What's Hot, What's Happening and What's To Come
Entrepreneur|December 2015
What's hot, what's happening and what's to come.


Action Plan

Are you surprised that technology lies at the heart of the trends we’re highlighting for the year ahead? Probably not. But that doesn’t mean we’ve become blasé about the endless stream of innovation transforming our work, homes, recreation and health. Rather, constantly evolving technology has become fully enmeshed in every aspect of our lives, to the point where we expect nothing— not the food we eat, the clothes we wear, the media we consume—to be like it was just a handful of years ago. Everywhere we go, we demand to be fully charged, fully hydrated and fully up to speed with what’s going on.

So, what’s the biggest change right now? We’re no longer just letting in new technology and seeing where it takes us; we’re shaping it in ways that allow us to take action. We don’t go out to eat—we make meals come to us. We don’t passively watch world events unfold—we experience them for ourselves. When we get hacked, we fight back. Even resistant-to-change farmers are taking control: No longer at the mercy of the natural elements, they’re harnessing big data to maximize crop yields and increase productivity.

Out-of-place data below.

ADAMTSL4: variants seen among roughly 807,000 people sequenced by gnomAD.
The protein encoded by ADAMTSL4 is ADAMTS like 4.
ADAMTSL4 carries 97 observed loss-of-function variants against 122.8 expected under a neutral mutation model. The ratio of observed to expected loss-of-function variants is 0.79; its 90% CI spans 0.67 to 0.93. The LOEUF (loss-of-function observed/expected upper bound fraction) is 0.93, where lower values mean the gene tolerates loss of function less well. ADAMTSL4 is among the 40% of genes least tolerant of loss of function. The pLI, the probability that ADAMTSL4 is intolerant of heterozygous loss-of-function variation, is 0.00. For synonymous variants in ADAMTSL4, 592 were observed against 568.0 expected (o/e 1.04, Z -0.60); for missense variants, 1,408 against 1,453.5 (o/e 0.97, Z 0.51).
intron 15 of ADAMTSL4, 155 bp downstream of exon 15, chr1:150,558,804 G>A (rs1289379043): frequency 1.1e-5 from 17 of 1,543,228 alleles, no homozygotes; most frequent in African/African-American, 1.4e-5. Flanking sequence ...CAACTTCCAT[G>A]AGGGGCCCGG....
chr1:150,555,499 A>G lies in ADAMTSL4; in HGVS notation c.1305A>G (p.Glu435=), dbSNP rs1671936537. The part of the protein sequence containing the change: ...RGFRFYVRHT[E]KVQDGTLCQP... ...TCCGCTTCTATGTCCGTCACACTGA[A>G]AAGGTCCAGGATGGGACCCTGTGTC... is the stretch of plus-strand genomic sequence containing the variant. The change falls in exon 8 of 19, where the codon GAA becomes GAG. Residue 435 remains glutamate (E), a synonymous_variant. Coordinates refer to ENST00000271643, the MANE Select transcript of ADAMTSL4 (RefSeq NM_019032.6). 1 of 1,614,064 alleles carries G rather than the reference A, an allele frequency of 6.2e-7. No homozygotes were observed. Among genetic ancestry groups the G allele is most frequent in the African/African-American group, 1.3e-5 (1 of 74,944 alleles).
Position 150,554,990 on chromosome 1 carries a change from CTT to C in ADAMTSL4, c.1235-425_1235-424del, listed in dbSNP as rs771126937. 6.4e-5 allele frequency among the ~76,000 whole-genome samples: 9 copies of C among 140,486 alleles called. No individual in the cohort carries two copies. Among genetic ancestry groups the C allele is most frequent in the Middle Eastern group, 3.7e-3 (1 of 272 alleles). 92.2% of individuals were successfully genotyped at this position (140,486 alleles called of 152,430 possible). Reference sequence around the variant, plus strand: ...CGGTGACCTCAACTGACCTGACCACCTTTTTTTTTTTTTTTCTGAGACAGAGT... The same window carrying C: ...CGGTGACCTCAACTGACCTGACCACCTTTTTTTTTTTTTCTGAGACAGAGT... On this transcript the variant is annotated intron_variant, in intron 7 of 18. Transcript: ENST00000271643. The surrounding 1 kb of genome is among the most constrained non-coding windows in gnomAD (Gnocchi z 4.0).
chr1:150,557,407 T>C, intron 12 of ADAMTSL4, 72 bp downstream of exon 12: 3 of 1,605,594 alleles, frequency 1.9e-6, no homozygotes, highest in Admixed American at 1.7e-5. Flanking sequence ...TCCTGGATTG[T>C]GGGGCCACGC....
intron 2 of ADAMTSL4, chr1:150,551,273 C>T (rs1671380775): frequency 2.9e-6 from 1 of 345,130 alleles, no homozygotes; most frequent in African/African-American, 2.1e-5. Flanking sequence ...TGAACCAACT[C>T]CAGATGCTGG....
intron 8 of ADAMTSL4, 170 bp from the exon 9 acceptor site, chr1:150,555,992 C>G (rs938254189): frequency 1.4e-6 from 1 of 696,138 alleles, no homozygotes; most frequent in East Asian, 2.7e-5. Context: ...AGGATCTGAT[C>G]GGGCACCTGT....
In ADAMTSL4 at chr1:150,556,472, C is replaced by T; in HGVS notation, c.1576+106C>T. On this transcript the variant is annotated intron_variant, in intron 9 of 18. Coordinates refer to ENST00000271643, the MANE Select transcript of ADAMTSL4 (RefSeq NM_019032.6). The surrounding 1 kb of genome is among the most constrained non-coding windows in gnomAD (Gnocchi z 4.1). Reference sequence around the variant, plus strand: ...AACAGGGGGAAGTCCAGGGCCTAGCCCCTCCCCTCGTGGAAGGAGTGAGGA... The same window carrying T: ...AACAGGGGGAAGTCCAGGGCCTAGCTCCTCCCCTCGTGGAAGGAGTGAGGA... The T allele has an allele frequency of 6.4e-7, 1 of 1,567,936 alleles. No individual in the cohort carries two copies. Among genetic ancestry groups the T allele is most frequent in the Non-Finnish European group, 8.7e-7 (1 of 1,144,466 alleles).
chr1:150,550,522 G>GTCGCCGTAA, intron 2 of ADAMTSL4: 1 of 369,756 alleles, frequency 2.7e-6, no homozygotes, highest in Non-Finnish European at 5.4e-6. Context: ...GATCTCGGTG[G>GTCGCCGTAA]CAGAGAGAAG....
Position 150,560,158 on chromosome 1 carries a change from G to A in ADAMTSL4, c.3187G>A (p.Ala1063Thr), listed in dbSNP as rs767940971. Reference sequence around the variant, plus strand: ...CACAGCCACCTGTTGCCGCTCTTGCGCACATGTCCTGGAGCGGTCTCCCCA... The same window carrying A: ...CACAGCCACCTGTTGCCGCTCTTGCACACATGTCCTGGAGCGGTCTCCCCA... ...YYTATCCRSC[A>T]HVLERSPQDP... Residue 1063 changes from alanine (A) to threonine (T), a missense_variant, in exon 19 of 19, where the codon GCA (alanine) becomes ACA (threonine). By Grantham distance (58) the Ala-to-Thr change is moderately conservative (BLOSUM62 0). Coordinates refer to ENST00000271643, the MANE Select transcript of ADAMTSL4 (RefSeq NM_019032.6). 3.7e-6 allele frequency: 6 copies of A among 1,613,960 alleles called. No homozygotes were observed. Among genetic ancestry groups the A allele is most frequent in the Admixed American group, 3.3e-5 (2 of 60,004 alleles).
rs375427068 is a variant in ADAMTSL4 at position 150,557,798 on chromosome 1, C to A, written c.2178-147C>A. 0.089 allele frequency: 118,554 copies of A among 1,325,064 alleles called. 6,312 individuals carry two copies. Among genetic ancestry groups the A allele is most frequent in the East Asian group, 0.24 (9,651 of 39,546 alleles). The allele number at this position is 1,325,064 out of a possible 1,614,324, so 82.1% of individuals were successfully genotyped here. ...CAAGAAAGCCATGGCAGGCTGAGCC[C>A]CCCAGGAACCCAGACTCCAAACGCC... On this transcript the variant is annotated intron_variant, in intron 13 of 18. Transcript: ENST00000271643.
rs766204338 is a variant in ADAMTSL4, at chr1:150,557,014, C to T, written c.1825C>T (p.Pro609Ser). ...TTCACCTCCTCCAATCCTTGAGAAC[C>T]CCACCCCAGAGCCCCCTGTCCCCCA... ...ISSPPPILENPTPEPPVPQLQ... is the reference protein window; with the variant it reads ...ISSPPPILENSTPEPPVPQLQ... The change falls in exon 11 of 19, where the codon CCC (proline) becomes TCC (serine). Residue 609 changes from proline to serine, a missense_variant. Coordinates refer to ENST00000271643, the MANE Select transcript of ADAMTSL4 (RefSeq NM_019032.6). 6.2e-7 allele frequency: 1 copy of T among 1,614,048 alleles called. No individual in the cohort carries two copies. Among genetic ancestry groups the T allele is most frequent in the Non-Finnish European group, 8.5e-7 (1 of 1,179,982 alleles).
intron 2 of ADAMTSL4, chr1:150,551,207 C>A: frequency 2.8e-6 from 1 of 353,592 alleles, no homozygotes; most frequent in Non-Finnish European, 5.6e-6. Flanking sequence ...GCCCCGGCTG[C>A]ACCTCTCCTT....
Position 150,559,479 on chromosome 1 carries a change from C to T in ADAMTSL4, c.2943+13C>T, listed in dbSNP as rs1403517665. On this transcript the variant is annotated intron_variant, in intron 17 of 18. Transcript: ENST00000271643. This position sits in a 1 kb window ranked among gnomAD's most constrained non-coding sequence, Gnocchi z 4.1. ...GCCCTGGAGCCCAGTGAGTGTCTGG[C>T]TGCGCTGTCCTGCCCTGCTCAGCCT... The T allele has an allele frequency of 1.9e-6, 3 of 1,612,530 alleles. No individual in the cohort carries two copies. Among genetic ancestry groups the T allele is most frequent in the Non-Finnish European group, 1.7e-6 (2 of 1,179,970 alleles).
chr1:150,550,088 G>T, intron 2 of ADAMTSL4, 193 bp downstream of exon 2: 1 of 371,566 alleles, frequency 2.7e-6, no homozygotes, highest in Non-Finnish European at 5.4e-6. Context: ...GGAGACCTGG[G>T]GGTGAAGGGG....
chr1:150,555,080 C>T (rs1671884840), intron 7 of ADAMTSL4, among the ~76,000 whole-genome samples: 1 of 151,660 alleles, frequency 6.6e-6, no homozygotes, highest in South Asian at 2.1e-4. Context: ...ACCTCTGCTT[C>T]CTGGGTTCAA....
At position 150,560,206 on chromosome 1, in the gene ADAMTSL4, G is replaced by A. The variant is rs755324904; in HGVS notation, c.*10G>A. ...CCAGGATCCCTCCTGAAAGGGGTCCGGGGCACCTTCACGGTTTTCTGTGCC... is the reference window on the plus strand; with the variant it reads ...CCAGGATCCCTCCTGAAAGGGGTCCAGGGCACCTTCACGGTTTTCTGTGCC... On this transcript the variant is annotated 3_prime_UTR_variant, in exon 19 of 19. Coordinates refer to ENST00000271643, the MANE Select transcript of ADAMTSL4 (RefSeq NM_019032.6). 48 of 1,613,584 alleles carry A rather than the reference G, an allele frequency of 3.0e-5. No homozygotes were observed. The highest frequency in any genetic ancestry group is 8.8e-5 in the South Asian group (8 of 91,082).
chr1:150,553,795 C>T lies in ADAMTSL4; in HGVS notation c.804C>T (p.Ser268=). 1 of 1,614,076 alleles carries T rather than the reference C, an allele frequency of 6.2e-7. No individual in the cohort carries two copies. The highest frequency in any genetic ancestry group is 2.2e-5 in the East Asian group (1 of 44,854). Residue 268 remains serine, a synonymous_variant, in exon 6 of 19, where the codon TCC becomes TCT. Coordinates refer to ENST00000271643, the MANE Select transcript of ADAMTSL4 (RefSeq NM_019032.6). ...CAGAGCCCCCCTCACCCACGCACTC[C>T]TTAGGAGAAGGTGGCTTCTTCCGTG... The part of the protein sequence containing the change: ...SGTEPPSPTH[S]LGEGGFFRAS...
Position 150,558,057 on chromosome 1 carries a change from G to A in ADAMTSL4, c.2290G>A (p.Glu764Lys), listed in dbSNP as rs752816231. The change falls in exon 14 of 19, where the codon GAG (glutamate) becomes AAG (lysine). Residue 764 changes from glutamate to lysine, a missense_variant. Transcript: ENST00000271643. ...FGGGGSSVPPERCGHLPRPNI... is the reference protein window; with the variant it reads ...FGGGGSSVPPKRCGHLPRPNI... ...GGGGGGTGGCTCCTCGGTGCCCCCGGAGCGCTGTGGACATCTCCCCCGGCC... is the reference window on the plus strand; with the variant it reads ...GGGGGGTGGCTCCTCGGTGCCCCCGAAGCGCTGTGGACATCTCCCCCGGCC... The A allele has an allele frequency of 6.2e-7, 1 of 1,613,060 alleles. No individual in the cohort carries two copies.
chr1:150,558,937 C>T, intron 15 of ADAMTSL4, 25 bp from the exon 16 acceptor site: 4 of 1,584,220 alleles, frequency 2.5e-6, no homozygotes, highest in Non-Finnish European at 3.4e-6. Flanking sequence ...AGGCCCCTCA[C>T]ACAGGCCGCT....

What does this mean for entrepreneurs? Always ones to take their destinies into their own hands, they must get even more aggressive. Our choice of trends reflects that stance. New markets are ripe for the taking. Consumers are demanding ethical and sustainable behavior—and entrepreneurs have to give it to them. Leadership roles are morphing as business owners empower others to make decisions so they can focus on big-picture strategy. Financing is available from surprising new sources. Who will grab it?